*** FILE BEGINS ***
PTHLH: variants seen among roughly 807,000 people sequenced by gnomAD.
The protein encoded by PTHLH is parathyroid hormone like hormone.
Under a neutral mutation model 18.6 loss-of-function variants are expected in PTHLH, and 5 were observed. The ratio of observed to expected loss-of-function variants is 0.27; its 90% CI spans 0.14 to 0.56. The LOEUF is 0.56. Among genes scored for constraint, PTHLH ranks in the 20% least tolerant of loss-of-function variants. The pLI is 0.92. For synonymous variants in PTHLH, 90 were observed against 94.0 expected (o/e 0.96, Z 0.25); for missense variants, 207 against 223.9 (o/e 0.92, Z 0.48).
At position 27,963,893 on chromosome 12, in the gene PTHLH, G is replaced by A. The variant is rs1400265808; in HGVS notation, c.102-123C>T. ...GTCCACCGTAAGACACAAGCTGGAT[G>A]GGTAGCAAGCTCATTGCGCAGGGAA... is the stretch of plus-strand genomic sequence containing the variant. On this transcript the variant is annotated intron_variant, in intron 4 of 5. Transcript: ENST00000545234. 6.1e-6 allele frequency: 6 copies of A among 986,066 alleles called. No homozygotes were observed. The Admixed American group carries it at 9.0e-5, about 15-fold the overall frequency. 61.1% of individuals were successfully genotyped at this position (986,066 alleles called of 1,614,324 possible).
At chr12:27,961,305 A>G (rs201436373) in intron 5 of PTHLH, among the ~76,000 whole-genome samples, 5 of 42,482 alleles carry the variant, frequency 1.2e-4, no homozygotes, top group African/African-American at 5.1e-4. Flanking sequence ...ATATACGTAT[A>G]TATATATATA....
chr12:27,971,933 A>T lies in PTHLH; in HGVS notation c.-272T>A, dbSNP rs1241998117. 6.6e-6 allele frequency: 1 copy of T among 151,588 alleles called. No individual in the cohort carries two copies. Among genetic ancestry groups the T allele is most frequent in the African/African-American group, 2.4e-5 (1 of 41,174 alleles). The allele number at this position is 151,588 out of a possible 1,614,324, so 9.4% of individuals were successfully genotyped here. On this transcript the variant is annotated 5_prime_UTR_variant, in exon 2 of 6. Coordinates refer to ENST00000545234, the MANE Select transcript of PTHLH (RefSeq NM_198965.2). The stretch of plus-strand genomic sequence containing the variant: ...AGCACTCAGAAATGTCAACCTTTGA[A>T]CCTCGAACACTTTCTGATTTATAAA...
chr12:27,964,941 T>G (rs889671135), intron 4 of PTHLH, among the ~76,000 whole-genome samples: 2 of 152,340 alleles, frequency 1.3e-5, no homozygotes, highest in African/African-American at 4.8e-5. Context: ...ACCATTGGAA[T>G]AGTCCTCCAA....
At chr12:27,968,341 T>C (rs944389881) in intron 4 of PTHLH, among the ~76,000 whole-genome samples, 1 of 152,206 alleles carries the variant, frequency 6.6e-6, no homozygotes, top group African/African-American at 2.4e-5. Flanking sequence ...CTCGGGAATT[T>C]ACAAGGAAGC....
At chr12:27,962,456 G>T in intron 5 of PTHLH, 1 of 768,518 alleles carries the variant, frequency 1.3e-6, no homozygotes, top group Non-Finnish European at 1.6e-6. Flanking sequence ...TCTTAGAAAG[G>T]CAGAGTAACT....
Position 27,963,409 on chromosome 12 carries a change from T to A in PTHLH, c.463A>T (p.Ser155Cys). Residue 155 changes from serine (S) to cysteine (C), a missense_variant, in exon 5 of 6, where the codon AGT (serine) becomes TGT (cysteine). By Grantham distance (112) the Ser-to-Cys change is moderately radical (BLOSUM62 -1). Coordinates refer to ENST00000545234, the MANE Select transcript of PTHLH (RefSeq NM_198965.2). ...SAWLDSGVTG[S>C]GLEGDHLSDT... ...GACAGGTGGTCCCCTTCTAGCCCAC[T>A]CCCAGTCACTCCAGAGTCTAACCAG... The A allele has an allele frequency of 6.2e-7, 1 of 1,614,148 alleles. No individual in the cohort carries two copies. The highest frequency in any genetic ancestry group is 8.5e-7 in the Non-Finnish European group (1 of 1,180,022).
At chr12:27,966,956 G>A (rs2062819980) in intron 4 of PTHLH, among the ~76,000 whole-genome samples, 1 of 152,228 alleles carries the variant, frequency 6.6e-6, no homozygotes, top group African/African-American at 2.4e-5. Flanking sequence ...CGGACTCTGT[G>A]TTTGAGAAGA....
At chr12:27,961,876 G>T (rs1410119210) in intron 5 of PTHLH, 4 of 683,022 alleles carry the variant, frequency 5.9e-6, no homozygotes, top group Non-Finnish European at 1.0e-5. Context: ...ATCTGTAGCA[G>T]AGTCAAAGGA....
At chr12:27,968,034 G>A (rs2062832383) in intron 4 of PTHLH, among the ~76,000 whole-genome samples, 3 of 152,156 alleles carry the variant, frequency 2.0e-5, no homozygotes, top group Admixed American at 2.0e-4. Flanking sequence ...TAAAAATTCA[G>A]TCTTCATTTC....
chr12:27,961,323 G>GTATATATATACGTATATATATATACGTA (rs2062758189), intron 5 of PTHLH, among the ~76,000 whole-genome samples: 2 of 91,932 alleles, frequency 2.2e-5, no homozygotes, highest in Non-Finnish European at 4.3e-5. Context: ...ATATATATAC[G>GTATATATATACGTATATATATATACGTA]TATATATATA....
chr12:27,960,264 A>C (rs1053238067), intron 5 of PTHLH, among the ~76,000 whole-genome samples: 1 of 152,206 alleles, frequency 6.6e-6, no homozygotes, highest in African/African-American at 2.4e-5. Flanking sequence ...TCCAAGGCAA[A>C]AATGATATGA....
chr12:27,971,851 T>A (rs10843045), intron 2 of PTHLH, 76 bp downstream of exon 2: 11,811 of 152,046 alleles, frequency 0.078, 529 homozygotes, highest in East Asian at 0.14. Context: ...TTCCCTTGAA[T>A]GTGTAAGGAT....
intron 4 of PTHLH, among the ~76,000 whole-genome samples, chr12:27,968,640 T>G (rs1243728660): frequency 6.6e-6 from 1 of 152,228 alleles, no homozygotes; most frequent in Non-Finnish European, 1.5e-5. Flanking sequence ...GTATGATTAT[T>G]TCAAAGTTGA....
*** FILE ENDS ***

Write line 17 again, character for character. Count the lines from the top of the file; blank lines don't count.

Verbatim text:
intron 4 of PTHLH, among the ~76,000 whole-genome samples, chr12:27,968,640 T>G (rs1243728660): frequency 6.6e-6 from 1 of 152,228 alleles, no homozygotes; most frequent in Non-Finnish European, 1.5e-5. Flanking sequence ...GTATGATTAT[T>G]TCAAAGTTGA....